At the behest of Omnivoracious, rising star Chuck Wendig (Blackbirds) recently interviewed iconic bestselling author Robert McCammon about his new novel. The Providence Rider is the fourth installment in the extraordinary series of historical thrillers featuring Matthew Corbett, professional problem solver. The narrative begins in the winter of 1703, with Matthew still haunted by his lethal encounter with notorious mass murderer Tyranthus Slaughter. When an unexplained series of explosions rocks his Manhattan neighborhood, Matthew finds himself forced to confront a new and unexpected problem. Someone is trying--and trying very hard--to get his attention. That someone is a shadowy figure from out of Matthew's past: the elusive Dr. Fell. There follows a memorable journey during which, Matthew encounters a truly Dickensian assortment of memorable, often grotesque, antagonists.
Chuck Wendig for Amazon.com: Where does Matthew Corbett come from? What inspired you to write him and how is his ongoing tale one that only Robert McCammon could’ve written?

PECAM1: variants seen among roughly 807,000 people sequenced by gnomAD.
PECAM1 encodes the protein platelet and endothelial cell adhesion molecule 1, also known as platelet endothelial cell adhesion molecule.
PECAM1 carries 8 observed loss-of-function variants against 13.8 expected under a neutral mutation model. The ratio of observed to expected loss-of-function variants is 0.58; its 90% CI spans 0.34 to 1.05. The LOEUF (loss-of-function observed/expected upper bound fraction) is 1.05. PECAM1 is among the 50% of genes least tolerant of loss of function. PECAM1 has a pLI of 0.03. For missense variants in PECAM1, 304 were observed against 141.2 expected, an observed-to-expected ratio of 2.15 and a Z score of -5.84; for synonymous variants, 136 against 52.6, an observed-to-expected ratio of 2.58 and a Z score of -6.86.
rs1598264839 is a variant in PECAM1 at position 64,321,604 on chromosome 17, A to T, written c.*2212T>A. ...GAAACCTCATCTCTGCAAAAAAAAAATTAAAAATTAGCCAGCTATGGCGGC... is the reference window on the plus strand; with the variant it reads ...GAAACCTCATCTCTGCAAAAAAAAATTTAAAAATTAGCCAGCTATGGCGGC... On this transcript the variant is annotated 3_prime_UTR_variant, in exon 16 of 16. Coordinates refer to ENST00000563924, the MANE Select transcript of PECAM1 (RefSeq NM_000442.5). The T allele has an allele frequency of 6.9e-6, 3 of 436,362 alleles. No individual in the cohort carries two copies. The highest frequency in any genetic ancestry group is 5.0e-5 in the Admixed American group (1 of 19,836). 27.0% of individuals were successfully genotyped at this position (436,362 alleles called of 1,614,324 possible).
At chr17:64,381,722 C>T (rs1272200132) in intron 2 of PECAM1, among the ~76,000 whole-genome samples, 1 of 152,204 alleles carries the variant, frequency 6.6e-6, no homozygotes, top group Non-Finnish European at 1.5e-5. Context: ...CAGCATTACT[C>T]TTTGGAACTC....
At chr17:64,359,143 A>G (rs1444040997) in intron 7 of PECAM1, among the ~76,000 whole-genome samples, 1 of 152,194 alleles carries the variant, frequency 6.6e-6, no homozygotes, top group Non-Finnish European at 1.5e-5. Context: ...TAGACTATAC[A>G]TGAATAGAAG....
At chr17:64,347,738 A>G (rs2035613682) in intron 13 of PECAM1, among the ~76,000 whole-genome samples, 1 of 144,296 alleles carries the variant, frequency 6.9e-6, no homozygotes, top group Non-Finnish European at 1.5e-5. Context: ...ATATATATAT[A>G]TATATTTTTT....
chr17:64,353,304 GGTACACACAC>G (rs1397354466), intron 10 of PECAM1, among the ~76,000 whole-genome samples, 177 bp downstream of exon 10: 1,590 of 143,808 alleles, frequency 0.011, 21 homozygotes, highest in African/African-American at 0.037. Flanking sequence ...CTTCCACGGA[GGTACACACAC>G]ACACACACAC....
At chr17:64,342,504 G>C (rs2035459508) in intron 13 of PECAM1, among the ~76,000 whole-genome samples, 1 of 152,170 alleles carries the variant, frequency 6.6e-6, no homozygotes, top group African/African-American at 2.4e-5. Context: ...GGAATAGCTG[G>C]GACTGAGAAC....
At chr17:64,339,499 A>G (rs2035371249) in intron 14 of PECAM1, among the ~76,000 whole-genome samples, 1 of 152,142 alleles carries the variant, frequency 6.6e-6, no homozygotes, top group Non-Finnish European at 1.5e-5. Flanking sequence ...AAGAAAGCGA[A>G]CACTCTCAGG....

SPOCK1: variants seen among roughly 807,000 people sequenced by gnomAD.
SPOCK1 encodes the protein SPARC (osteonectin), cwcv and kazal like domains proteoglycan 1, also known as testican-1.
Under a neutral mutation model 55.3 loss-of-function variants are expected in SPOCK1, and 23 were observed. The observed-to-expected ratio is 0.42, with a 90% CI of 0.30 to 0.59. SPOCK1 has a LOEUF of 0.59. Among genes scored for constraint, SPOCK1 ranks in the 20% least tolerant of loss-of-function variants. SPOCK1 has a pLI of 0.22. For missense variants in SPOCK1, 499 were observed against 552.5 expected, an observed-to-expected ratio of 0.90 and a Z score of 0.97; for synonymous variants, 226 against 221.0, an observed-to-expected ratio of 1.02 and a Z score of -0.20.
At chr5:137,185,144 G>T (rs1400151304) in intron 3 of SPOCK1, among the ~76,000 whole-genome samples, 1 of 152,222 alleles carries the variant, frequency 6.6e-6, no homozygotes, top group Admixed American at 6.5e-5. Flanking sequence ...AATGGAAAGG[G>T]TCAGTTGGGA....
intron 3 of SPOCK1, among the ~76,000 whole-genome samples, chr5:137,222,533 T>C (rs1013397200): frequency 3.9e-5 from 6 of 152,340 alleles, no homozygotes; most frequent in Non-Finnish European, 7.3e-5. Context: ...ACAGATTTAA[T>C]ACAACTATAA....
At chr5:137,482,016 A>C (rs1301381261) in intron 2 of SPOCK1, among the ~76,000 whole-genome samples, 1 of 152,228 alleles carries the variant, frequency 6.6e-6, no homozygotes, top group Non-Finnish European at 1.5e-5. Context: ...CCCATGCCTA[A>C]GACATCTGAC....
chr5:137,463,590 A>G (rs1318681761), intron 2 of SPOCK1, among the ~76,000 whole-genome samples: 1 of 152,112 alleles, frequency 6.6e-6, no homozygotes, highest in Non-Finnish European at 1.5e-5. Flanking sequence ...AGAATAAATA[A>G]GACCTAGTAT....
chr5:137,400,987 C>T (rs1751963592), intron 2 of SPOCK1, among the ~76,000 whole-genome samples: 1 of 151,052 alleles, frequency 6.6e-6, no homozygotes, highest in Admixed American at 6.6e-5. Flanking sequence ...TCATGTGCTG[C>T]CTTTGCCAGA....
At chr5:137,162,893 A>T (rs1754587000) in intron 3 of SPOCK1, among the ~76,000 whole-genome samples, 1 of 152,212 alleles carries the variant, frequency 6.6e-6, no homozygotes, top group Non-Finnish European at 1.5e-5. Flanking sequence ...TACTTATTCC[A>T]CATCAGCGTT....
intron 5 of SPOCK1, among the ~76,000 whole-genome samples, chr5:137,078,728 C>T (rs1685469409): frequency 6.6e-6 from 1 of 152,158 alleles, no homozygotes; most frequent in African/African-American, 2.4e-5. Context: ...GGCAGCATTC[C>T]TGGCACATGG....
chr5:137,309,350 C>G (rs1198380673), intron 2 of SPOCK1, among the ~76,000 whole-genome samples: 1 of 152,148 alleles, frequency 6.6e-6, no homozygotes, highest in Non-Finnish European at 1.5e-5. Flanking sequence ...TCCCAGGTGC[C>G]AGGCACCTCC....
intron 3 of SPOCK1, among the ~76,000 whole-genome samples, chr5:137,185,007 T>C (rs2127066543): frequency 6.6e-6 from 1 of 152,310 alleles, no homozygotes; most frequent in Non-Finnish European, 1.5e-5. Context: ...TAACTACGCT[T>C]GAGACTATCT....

Robert McCammon: Matthew's story began, of course, in Speaks The Nightbird. That was supposed to be a "one-shot" book, not the beginning of a series...but for a long time I'd wanted to do something "different" that I didn't think anyone else was doing. I wanted to move away from horror for a while and see what else I could do, because I'd covered just about all the bases in purely supernatural horror. After I finished Speaks The Nightbird, I thought...well, there could be more to Matthew's story than this. In fact, I could really build a whole world around Matthew...so that's how it became a series.
From the beginning I wanted Matthew to be a "real person," to grow and change throughout the course of the series, and also--very importantly--for people to feel they knew him. And that they wanted to follow his life and adventures and see how he develops. So it's interesting to me now that I do hear from readers who feel they know Matthew and they look forward to his continuing story. There's something appealing about Matthew, I think, because he really does want to "do right." He's learning, and he has a lot to learn, but he wants to be someone's champion. Also, things never go perfectly for him. He messes up sometimes, as he certainly does in The Providence Rider, but I think that helps keep Matthew "real.”